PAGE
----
How to cite this article:
Shenoy K, Sarfaraz H, Hussain A, Sucheta P. A Comparison of Four Implant Abutment Connection Designs on the Stress Distribution Pattern using 3D Finite Element Analysis. Int J Oral Implantol Clin Res 2015; 6 (1):1-8.
The aim of this study was to evaluate the influence of four diffe rent implant abutment connection designs on the amount of stress dissipated on the implant, abutment screw, implant abut ment interface and the bone when subjected to various loading conditions
Computer aided design models of four different implant abut ment connections, were constructed using Pro-Engineer 05. The 3D models were meshed using Hymermesh 11. Static load vertical loads 100 N were applied along the long axis of the implant at the central fossa and on the tip of buccal cusp. An oblique load was applied on the tip of the buccal cusp. This mesh was imported into ANSYS 13 to perform the numerical simulation.
The result showed that vertical loads closer to the implant long axis produced much lower Von Mises stresses than when loads applied away to the long axis of implant. The two types of conical connections dissipated the least amount of stress to the surrounding bone and most of the stresses were recorded at the implant abutment interface of these connections. The parallel hex connection showed a great amount of stress being dissipated to the abutment screw on vertical loading and most of these stresses were located at the 1st thread of the implant.
Conclusion: All the four implant abutment designs studied showed the least amount of stress on the various areas of the assembly and the surrounding bone, when the loads applied were close to the long axis of the implant. Both the conical connections proved to be the most favorable connections, and the parallel hex connection was the least favorable design. The tri-channel cylindrical connection design was stable on loads applied along and closer to the implant axis, but produced high amount of stress on the bone on oblique loads applied at a distance from the long axis of the impla
How to cite this article:
Nagrath R, Lahori M, Rai R, Kaur M. An Insight into Different Innovative Techniques to Retrieve Cement-retained Implant Supported Prosthesis. Int J Oral Implantol Clin Res 2015; 6 (1):9-16.
Cement-retained restorations are the most commonly used restorations, though they can compensate for minor discre pancies in the fit of the prosthesis using cement and cement space but the major drawback is retrievability of such prosthesis. The increasing practice of permanently cementing the implant supported prosthesis is more likely to have biologic and technical failures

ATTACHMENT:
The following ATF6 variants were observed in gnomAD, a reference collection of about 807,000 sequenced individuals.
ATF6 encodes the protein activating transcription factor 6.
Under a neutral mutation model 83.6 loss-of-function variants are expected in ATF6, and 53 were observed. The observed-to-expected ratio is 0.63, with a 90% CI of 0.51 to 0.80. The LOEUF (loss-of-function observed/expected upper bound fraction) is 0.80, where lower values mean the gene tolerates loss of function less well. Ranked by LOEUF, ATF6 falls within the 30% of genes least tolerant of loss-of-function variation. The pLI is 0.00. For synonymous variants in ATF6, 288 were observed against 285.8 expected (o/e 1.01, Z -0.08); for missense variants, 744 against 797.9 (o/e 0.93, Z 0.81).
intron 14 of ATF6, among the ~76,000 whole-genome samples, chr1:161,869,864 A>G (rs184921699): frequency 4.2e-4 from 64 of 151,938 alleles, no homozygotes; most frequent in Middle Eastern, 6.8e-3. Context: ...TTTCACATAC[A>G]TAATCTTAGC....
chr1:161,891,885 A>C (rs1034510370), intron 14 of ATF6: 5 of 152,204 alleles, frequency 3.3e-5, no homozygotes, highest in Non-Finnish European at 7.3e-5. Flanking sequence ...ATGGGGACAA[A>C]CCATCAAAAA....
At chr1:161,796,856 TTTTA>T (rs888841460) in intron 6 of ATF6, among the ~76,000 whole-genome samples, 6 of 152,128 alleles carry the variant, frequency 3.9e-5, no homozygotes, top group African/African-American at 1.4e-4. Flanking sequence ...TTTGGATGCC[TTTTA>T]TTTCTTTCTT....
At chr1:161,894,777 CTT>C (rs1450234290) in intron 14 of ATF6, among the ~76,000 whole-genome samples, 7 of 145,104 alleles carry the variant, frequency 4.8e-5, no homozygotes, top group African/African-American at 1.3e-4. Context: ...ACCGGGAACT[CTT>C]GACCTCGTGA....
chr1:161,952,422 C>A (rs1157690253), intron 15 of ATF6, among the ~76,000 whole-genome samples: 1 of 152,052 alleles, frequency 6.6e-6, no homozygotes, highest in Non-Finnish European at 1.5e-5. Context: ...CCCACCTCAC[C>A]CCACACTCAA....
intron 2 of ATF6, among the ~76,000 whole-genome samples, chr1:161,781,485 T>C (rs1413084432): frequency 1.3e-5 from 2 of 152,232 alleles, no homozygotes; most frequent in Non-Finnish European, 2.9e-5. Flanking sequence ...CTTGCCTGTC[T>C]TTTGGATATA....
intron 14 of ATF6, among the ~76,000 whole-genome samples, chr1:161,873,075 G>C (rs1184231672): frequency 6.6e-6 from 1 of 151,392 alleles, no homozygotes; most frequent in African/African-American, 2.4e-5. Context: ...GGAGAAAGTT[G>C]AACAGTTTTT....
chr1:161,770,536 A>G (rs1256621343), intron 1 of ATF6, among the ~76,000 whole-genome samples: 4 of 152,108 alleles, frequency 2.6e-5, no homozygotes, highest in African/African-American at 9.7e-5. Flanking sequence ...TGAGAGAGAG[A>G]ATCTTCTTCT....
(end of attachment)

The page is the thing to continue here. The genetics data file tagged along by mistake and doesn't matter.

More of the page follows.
This article describes various methods that simplify the retrievability of cement retained prosthesis. As the retrievability of the implant supported prosthesis is a basic consideration while delivering quality patient based treatment outcomes
In the orthodontic process, gentle, constant pressure is applied to the teeth that need to be moved against the other teeth which serve as the anchoring unit. The anchoring teeth must be completely stable. Since ages orthodontist have fought for absolute anchorage. Introduction of implants to orthodontic field have made this a possibility. Orthodontic implants also known as mini-implants have widened the horizon of orthodontic field. Available in various forms, sizes, surface texture and material, they have become an essential armamentarium of an orthodontist. This article will deal with various aspects of orthodontic implants—their indications, contraindications, placement sites and complications.
Diode lasers have become more widely used in dental clinical practice and have demonstrated a safe effective method for treatment in and around implants that require soft-tissue modification to either expose the implant for the restorative phase or reshape the gingival margins for esthetics. The article will discuss the methods that have been employed for soft-tissue modi fication around implants traditionally and compare these to use of the diode laser.
Gregori M Kurtzman,,
Rocco E Mele,,
It has long been accepted, although with some limitations, that the discipline of veterinary dentistry has tended to follow the trends and advancements in the human dental field. This is the case for the area of dental implantology. As for any procedure performed on a patient, the patient (in human dentistry) or the pet owner (in veterinary dentistry) need to be able to make an informed decision based on the available evidence, given to them by their clinician. The concept of informed consent is paramount in the relationship between clinician and patient/ pet owner. This case report describes the replacement of four mandibular incisor teeth with two cantilevered implant bridges in a dog. Treatment included selective extractions with bone grafting and dental implants to replace the 4 mandibular incisors.